Virtual Currency Games
Every little boy’s (and several grown men’s) dream of earning money by playing video games is edging nearer to reality. The recent release of HunterCoin and the in-development VoidSpace, games which reward players in digital currency instead of virtual princesses or gold stars point towards a future where one’s ranking on a scoreboard could possibly be rewarded in dollars, and sterling, euros and yen.
The story of the millionaire (virtual) agent…
Digital currencies have already been slowly gaining in maturity both with regards to their functionality and the financial infrastructure that enables them to be used as a credible option to non-virtual fiat currency. Though Bitcoin, the 1st and most well known of the crypto-currencies was made in 2009 2009 2009 there were forms of virtual currencies used in video games for more than 15 years. 1997’s Ultima Online was the initial notable attempt to add a large scale virtual economy in a game. Players could collect coins by undertaking quests, battling monsters and finding treasure and spend these on armour, weapons or property. This was an early incarnation of a virtual currency for the reason that it existed purely within the game though it did mirror real world economics to the extent that the Ultima currency experienced inflation as a result of the overall game mechanics which ensured that there is a never ending way to obtain monsters to kill and thus gold coins to collect.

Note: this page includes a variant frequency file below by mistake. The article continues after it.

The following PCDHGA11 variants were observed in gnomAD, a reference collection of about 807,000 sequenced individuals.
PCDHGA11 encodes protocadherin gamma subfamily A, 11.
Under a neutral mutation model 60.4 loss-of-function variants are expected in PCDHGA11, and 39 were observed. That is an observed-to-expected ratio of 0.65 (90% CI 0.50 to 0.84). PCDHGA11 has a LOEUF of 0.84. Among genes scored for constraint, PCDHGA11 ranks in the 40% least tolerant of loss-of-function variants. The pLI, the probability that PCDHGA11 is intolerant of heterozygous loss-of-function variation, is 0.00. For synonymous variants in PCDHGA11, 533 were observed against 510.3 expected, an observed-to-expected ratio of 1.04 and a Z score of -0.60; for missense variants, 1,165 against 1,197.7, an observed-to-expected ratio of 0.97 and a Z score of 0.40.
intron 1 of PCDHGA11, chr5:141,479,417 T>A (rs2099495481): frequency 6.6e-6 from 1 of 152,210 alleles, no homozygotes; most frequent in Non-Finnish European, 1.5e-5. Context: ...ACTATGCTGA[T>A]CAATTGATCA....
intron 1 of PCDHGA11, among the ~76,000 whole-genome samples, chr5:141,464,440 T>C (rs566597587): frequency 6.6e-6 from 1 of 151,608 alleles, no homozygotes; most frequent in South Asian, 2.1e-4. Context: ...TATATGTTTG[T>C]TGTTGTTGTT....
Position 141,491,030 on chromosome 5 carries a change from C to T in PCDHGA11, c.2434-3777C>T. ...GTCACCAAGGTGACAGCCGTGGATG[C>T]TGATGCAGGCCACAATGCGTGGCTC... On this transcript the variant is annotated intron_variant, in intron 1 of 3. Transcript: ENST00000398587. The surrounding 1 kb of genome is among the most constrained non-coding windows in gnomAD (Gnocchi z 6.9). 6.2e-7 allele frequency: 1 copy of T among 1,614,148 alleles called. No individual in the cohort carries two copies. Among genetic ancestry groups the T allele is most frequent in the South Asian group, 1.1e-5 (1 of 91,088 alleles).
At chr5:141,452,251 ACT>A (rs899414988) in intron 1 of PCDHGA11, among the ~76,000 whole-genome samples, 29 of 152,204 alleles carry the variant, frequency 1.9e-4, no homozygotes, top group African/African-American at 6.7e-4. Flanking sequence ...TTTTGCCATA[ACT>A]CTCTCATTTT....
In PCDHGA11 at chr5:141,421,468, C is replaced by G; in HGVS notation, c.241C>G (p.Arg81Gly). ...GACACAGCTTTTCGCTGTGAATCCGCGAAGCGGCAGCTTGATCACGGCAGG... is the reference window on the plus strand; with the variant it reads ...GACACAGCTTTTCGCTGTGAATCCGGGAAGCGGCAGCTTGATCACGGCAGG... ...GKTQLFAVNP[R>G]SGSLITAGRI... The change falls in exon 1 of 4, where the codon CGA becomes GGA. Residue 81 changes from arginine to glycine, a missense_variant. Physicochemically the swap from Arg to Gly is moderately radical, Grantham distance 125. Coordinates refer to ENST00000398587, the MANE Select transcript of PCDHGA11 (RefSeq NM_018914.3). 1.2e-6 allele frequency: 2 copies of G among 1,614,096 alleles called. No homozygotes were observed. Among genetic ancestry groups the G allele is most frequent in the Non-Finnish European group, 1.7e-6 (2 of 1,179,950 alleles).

Released in 1999, EverQuest took virtual currency gaming a step further, allowing players to trade virtual goods amongst themselves in-game and though it was prohibited by the game’s designer to also sell virtual what to one another on eBay. In a genuine world phenomenon that was entertainingly explored in Neal Stephenson’s 2011 novel Reamde, Chinese gamers or ‘gold farmers’ were employed to play EverQuest along with other such games full-time with the aim of gaining experience points so as to level-up their characters thereby making them better and sought after. These characters would then be sold on eBay to Western gamers who were unwilling or unable to devote the hours to level-up their own characters. Using the calculated exchange rate of EverQuest’s currency because of the real world trading that occurred Edward Castronova, Professor of Telecommunications at Indiana University and a specialist in virtual currencies estimated that in 2002 EverQuest was the 77th richest country on the planet, somewhere between Russia and Bulgaria and its GDP per capita was higher than the People’s Republic of China and India.
Launched in 2003 and having reached 1 million regular users by 2014, Second Life is perhaps the most complete exemplory case of a virtual economy to date whereby it’s virtual currency, the Linden Dollar that may be used to buy or sell in-game goods and services can be exchanged for real world currencies via market-based exchanges. There were a recorded $3.2 billion in-game transactions of virtual goods in the 10 years between 2002-13, Second Life having become a marketplace where players and businesses alike were able to design, promote and sell content they created. Real estate was a particularly lucrative commodity to trade, in 2006 Ailin Graef became the 1st Second Life millionaire when she turned an initial investment of $9.95 into over $1 million over 2.5 years through buying, selling and trading virtual real estate to other players. Examples such as Ailin will be the exception to the rule however, only a recorded 233 users making a lot more than $5000 in ’09 2009 from Second Lifestyle.